The voice of the people

June 5, 2012

So the dust is settling on the communal elections, only the third time they’ve been held in the modern era in Cambodia, and, with the final results dribbling in, against the odds, the opposition seems to have done better than expected.

The latest figures show that all the opposition parties polled 31 percent of the vote, up from 25 percent in 2007. However, the ruling CPP is still looking pretty comfortable, at 69 percent.

A couple of days before the election, our newspaper was passed some documents from the Khmer Rouge Tribunal, suggesting that CPP heavyweights Chea Sim, the President of the Senate, National Assembly President Heng Samrin, and army chief Pol Sareoun, as well as another senator, had been named as ‘persons of interest’ in what is known as Case 003, which the government, perhaps unsurprisingly, is fiercely opposed to.

In the documents, a UN investigator said the four senior members of the CPP held positions of authority in the Khmer Rouge regime and are key witnesses to atrocities committed against ethnic Vietnamese civilians living on the border with Cambodia.This ought to be a pretty big story. Sadly, it was deemed too sensitive to run on election weekend. I might have run it, had I been editor, but I’m pretty foolhardy. However The Age in Melbourne also got hold of the documents, and they happily ran them. I guess distance lends enchantment, and safety.

Meanwhile, there were the obvious charges of irregularities over voting, with intimidation, ghost voters and electoral roll sabotage all being widely reported.

Apart from the all-too-predictable victory for the CPP, the elections were quite good fun. I watched members of a Royalist party handing out 500 riel notes ($0.12) to potential voters; no one else looked surprised. Drinking was banned across the country for 24 hours… apparently. I did not see this.

Turnout was lower than previous elections, estimated at 61 percent, from 71 percent last time: observers said that perhaps people were “tired of voting and not seeing any change.” Voters all had their right forefinger dipped in indelible ink after casting their vote, so it is easy to tell who voted and who didn’t, which is a good way of starting a conversation, although not necessarily a popular one.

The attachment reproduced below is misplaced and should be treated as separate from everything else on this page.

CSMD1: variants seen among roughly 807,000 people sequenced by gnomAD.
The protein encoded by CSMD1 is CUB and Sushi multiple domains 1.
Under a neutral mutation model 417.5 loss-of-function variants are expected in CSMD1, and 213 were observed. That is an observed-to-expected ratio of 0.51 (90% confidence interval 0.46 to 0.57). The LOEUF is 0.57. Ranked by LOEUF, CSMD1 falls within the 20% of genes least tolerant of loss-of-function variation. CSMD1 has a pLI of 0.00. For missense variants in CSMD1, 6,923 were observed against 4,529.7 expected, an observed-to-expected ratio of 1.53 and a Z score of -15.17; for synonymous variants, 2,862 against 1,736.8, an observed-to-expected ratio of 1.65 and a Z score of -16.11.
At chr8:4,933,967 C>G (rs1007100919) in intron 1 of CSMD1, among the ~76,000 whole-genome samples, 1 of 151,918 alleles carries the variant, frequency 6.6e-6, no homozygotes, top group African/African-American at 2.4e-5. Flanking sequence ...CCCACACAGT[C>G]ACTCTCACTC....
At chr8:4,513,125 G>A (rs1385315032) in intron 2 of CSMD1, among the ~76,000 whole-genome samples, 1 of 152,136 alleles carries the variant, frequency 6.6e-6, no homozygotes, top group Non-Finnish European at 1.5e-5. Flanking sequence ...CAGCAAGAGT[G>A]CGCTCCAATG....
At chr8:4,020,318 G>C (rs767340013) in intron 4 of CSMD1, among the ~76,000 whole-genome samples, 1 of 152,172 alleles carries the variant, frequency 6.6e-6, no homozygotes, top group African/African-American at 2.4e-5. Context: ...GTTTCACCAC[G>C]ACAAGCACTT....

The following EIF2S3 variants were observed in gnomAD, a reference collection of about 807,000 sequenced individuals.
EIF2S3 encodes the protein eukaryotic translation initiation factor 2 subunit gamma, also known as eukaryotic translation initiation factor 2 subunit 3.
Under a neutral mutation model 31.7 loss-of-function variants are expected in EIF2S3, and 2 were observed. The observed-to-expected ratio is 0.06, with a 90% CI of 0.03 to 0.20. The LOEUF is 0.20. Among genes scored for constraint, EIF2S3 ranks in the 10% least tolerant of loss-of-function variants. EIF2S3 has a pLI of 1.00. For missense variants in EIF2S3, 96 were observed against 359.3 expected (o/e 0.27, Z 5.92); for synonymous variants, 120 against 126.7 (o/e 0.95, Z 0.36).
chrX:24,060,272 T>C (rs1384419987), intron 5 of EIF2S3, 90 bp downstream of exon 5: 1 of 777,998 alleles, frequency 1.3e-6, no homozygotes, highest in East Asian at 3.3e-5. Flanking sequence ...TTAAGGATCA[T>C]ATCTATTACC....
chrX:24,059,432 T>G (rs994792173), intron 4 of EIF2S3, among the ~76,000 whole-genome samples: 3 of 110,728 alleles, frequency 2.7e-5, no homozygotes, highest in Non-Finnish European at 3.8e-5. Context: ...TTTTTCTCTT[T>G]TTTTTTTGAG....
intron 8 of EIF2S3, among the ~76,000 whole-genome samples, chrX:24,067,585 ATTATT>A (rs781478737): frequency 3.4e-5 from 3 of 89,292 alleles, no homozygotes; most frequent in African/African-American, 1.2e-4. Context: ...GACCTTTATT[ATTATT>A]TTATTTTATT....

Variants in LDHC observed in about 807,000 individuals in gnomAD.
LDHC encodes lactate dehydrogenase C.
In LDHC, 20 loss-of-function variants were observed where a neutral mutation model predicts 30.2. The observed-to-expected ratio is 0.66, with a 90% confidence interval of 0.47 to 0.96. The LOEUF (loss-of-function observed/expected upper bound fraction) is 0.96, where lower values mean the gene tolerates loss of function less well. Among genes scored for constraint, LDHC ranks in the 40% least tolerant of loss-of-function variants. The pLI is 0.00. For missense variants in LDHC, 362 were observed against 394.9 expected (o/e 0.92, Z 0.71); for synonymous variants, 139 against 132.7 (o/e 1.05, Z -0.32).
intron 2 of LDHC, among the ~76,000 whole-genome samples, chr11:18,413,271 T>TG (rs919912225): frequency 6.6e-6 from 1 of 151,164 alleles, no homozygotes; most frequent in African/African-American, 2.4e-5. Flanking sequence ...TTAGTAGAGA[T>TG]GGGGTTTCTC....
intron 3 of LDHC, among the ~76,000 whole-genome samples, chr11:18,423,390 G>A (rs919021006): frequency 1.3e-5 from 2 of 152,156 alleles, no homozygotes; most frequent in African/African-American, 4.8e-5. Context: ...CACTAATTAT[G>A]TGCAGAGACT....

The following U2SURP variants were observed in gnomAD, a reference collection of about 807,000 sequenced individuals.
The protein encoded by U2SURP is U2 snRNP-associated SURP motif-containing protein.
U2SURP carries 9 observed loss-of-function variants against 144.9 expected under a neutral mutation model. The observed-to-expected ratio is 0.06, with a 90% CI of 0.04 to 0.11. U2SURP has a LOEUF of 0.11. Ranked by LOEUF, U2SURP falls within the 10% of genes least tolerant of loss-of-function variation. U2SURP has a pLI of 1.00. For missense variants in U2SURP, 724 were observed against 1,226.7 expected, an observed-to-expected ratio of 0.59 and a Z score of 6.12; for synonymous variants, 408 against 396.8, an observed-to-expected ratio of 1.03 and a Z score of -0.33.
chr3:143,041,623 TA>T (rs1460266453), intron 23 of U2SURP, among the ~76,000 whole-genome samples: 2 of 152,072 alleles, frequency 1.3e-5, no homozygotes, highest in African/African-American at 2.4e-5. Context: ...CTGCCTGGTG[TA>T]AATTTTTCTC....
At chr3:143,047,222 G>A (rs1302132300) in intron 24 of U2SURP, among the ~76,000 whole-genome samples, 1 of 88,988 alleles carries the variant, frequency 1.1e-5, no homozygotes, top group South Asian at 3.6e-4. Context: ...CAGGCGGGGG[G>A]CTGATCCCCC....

There were also a surprising amount of marches going on around Phnom Penh, with thousands of people with party flags and loudhailers, on the backs of trucks and on mopeds, trailing through the streets, and trying to avoid the sporadic but torrential monsoon rains.

I watched some of these from my balcony, having made it home for the first time in six weeks. I managed to do this on my crutches without the elevator, which is still not in. There are 150 steps up to the flat, so I reckon that’s equivalent to doing 150 pull-ups. My upper body is now seething with newly-emergent muscles. But my mood is not similarly improved. I’m in two minds about who are the biggest crooks in the country, the CPP, or Cambodian lift installers.

The lift: technically in, but not in service

                                                      A lift installer, busy impressing the hell out of me, on my stairs, 10am today.

And in a rare piece of good news just in, followers of this blog might remember a piece I wrote recently about a Russian paedophile called Alexander Trofimov. Apparently he has finally been re-arrested, in Phnom Penh, and will be deported to Russia.

A police spokesman told AFP that “police arrested him yesterday (Monday)… while he was hiding with a local family,” the spokesman said, adding that the Russian “loved the family’s daughter, who is 11 or 12 years old”.

“According to policy, we will have to expel him very soon,” he added.


One Response to “The voice of the people”

  1. Nicola said

    Hey PP sounds just like London this week – lots of rain, thousands of people in the street waving flags! Did you have a crappy load of boats too?

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